Phillip M. Miner Queer Advocate and profiler of Queer Artists. He is currently the Director of Grants and Communications at Apicha Community Health Center in NYC, Founder of Outspoken Collection, and all around nice guy.
Canadian born Theodore Kerr is a Brooklyn based writer, organizer and artist whose work focuses on HIV/AIDS, community, and culture. Kerr’s writing has appeared in Women’s Studies Quarterly, The New Inquiry, BOMB, CBC (Canada), Lambda Literary, POZ Magazine, The Advocate, Cineaste, The St. Louis American, IndieWire, HyperAllergic, and other publications. In 2016, he won the Best Journalism award from POZ Magazine for his HyperAllergic article on race, HIV, and art. In 2015, Kerr was the editor for an AIDS-focused issue of the We Who Feel Differently journal.
Brooklyn born poet, author, mixed-media performance artist and activist Brad Walrond’s work is borne out of several overlapping Underground communities in New York City including The New Black Arts Movement, The Underground House/Dance Music communities, Black Rock Coalition, The NYC Ballroom Scene, and the black queer political arts and activist movements that arose in response to racism, homophobia, transphobia and the HIV/AIDS pandemic. Brad’s work is about identity formation and human consciousness at the intersection of race, gender, sex, and desire. Brad is a graduate of The City College of New York and he earned his M.A. in Political Science from Columbia University. Follow him on instagram and facebook @bradwalrond.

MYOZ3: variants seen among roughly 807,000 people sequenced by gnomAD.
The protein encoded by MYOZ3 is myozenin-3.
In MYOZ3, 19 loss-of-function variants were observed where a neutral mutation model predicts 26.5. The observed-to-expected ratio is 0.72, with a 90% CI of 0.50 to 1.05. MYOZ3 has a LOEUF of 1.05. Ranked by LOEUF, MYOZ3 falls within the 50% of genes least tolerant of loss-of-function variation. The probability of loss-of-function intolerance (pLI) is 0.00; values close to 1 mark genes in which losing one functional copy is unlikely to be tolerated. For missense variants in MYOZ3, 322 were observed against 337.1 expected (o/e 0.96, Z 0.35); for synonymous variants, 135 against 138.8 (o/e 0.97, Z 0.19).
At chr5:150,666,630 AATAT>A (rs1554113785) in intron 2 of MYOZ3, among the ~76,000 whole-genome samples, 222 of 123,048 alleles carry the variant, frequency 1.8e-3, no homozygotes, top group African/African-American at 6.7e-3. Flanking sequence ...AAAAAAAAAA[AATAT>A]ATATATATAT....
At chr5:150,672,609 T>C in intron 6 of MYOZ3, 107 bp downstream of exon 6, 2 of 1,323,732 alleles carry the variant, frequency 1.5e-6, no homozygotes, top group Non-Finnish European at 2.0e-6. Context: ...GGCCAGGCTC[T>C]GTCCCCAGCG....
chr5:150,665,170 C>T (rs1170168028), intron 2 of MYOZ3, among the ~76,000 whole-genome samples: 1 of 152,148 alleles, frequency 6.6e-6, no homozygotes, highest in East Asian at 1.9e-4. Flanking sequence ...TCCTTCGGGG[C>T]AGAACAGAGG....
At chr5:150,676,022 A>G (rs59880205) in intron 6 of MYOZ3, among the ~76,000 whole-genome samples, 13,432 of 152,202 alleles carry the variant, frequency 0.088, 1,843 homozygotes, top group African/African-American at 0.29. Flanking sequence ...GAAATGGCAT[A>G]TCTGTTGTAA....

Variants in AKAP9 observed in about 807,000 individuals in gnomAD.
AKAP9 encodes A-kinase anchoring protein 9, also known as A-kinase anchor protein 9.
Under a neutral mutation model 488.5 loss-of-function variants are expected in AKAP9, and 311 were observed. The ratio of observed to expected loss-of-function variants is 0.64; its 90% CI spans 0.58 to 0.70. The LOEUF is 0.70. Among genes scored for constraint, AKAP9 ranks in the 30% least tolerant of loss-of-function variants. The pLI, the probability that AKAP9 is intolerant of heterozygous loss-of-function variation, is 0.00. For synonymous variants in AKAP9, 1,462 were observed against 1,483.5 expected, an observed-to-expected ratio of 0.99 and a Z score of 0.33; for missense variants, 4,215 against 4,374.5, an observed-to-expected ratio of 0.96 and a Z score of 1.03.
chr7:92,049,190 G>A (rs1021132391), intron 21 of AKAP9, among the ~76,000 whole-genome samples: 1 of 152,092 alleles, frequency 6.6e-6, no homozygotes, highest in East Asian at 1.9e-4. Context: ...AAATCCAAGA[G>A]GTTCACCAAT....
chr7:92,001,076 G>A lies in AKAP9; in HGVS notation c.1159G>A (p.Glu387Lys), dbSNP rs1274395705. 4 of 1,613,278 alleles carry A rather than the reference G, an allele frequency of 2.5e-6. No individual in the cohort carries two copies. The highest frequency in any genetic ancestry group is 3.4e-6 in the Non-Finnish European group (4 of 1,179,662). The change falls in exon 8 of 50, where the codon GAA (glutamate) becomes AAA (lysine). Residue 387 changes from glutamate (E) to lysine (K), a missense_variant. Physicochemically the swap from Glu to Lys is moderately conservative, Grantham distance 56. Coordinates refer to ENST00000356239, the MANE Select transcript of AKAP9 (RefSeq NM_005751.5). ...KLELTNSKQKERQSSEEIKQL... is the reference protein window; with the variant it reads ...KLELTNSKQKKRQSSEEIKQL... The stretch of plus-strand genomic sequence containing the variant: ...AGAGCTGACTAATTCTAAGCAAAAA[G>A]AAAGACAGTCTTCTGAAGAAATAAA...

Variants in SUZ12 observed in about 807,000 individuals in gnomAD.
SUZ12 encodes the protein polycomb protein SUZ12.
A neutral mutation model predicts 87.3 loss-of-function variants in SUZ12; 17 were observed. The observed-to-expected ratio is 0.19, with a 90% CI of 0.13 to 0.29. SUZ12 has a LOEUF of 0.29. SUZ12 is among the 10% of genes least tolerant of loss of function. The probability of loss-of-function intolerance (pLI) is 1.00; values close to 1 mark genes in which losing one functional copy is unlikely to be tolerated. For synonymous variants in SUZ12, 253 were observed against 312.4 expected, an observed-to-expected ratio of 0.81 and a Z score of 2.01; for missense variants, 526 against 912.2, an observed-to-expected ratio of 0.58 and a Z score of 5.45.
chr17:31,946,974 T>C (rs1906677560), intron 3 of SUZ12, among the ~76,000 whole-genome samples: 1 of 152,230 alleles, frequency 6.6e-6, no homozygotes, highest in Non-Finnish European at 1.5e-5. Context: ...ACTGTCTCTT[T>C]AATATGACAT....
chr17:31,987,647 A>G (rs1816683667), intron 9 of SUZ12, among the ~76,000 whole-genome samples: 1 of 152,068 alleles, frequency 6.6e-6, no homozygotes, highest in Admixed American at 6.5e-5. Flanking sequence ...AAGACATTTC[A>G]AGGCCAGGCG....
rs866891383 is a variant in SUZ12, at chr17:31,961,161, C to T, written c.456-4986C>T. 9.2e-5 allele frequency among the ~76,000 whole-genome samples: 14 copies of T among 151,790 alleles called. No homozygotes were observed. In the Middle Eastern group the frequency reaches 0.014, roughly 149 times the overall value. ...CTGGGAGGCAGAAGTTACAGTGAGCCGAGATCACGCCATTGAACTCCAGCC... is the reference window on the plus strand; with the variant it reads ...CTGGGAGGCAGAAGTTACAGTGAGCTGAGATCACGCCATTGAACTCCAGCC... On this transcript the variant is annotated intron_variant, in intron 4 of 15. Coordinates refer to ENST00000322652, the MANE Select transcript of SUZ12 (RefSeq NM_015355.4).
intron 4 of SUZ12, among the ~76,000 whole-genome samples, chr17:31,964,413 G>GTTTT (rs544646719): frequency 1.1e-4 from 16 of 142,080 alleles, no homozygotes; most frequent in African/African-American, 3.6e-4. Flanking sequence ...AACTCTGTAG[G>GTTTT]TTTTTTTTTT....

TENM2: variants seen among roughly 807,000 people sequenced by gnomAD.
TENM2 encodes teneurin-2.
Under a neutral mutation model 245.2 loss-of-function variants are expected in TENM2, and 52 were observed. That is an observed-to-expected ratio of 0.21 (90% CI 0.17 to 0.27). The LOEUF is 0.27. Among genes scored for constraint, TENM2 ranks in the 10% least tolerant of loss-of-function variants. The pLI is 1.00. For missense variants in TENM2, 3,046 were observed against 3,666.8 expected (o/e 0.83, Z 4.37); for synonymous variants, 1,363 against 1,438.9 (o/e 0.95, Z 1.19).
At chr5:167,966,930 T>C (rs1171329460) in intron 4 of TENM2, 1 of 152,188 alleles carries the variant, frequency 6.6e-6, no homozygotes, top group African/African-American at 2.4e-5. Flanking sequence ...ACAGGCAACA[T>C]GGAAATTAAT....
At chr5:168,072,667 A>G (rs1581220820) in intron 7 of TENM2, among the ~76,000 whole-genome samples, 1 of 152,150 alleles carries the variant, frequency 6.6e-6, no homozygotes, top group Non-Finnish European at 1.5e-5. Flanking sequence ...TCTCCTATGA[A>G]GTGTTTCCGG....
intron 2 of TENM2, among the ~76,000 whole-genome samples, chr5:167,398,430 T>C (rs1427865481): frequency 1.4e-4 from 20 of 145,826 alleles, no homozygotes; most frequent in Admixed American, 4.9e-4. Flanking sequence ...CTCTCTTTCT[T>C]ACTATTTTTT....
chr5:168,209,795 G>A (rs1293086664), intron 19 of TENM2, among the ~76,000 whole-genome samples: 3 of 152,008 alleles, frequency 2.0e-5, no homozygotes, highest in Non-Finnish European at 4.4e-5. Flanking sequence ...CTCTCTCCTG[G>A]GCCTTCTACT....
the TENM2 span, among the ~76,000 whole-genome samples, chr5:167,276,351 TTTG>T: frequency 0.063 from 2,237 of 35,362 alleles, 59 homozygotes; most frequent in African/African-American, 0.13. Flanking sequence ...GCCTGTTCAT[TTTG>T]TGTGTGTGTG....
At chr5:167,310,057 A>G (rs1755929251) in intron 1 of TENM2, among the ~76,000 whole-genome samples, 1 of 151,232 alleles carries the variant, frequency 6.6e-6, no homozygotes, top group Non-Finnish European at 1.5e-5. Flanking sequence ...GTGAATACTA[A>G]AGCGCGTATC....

Pony Zion is a father, dancer, choreographer, performer, creative director and Icon of the House of Zion. He helped to take the House of Zion from NYC to São Paulo, Brazil.
Luv ‘til it Hurts and this panel discussion is made possible with support from Ford Foundation and the Institute of International Education. Additional support provided by APICHA CHC | Community Health Care in New York City.
Luv Till It Hurts by Kairon Liu, is part of Reimagine End of Life.
About Reimagine: Reimagine End of Life is a week of exploring big questions about life and death through art, creativity, and conversation.
For the last few months, artists, storytellers, healthcare
professionals, faith and community leaders, and innovators across all
five boroughs of New York City have been uniting to create a unique week
of events that will prove to be reflective of this city’s diversity and
spirit. With more than 250 events set to explore death and celebrate
life from every perspective, we invite you to join us in questioning how
we think about our most universal experience.
Visit www.letsreimagine.org/new-york to learn more!
Let’s bring death out of the shadows and into the light.